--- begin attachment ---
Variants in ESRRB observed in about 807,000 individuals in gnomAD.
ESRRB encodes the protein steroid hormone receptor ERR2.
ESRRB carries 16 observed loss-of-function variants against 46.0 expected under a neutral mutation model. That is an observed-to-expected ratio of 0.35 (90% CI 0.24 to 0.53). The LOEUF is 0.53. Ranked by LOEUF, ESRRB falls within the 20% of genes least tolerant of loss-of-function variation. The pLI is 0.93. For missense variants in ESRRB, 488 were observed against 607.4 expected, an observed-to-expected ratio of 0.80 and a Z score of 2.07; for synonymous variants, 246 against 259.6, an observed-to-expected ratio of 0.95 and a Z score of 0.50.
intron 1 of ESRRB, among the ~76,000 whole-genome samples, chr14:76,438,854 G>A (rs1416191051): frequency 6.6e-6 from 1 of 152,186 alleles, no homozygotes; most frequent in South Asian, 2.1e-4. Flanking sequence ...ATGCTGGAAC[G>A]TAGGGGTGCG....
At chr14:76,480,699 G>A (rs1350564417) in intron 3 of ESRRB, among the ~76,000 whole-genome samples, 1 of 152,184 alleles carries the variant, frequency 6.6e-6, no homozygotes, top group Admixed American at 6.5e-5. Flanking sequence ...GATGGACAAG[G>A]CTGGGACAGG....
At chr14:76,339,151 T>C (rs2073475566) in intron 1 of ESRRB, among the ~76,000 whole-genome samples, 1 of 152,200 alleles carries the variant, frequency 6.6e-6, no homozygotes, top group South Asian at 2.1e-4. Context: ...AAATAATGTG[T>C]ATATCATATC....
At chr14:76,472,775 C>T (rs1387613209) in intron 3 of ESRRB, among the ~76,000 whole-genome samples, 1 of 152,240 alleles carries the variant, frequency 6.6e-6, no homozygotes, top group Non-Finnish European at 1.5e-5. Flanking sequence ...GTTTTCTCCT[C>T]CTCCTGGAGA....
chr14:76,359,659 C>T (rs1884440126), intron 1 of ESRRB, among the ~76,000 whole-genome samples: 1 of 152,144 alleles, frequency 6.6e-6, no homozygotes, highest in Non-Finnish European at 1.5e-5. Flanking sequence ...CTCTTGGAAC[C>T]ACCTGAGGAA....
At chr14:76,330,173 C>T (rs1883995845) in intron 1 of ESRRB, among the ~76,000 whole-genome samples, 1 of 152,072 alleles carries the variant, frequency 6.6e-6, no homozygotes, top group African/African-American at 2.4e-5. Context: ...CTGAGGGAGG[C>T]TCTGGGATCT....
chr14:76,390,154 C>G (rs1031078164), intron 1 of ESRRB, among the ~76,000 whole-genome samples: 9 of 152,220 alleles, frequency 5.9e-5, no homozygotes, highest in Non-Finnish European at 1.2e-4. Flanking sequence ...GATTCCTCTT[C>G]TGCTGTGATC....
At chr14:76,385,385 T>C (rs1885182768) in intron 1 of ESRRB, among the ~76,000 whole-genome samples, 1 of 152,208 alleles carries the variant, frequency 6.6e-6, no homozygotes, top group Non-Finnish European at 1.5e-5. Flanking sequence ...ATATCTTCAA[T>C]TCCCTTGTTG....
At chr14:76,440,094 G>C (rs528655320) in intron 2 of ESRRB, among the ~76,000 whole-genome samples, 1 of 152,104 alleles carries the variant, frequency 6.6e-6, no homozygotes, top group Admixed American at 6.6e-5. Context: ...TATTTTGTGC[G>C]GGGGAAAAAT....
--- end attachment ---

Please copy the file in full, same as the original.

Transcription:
Variants in ESRRB observed in about 807,000 individuals in gnomAD.
ESRRB encodes the protein steroid hormone receptor ERR2.
ESRRB carries 16 observed loss-of-function variants against 46.0 expected under a neutral mutation model. That is an observed-to-expected ratio of 0.35 (90% CI 0.24 to 0.53). The LOEUF is 0.53. Ranked by LOEUF, ESRRB falls within the 20% of genes least tolerant of loss-of-function variation. The pLI is 0.93. For missense variants in ESRRB, 488 were observed against 607.4 expected, an observed-to-expected ratio of 0.80 and a Z score of 2.07; for synonymous variants, 246 against 259.6, an observed-to-expected ratio of 0.95 and a Z score of 0.50.
intron 1 of ESRRB, among the ~76,000 whole-genome samples, chr14:76,438,854 G>A (rs1416191051): frequency 6.6e-6 from 1 of 152,186 alleles, no homozygotes; most frequent in South Asian, 2.1e-4. Flanking sequence ...ATGCTGGAAC[G>A]TAGGGGTGCG....
At chr14:76,480,699 G>A (rs1350564417) in intron 3 of ESRRB, among the ~76,000 whole-genome samples, 1 of 152,184 alleles carries the variant, frequency 6.6e-6, no homozygotes, top group Admixed American at 6.5e-5. Flanking sequence ...GATGGACAAG[G>A]CTGGGACAGG....
At chr14:76,339,151 T>C (rs2073475566) in intron 1 of ESRRB, among the ~76,000 whole-genome samples, 1 of 152,200 alleles carries the variant, frequency 6.6e-6, no homozygotes, top group South Asian at 2.1e-4. Context: ...AAATAATGTG[T>C]ATATCATATC....
At chr14:76,472,775 C>T (rs1387613209) in intron 3 of ESRRB, among the ~76,000 whole-genome samples, 1 of 152,240 alleles carries the variant, frequency 6.6e-6, no homozygotes, top group Non-Finnish European at 1.5e-5. Flanking sequence ...GTTTTCTCCT[C>T]CTCCTGGAGA....
chr14:76,359,659 C>T (rs1884440126), intron 1 of ESRRB, among the ~76,000 whole-genome samples: 1 of 152,144 alleles, frequency 6.6e-6, no homozygotes, highest in Non-Finnish European at 1.5e-5. Flanking sequence ...CTCTTGGAAC[C>T]ACCTGAGGAA....
At chr14:76,330,173 C>T (rs1883995845) in intron 1 of ESRRB, among the ~76,000 whole-genome samples, 1 of 152,072 alleles carries the variant, frequency 6.6e-6, no homozygotes, top group African/African-American at 2.4e-5. Context: ...CTGAGGGAGG[C>T]TCTGGGATCT....
chr14:76,390,154 C>G (rs1031078164), intron 1 of ESRRB, among the ~76,000 whole-genome samples: 9 of 152,220 alleles, frequency 5.9e-5, no homozygotes, highest in Non-Finnish European at 1.2e-4. Flanking sequence ...GATTCCTCTT[C>G]TGCTGTGATC....
At chr14:76,385,385 T>C (rs1885182768) in intron 1 of ESRRB, among the ~76,000 whole-genome samples, 1 of 152,208 alleles carries the variant, frequency 6.6e-6, no homozygotes, top group Non-Finnish European at 1.5e-5. Flanking sequence ...ATATCTTCAA[T>C]TCCCTTGTTG....
At chr14:76,440,094 G>C (rs528655320) in intron 2 of ESRRB, among the ~76,000 whole-genome samples, 1 of 152,104 alleles carries the variant, frequency 6.6e-6, no homozygotes, top group Admixed American at 6.6e-5. Context: ...TATTTTGTGC[G>C]GGGGAAAAAT....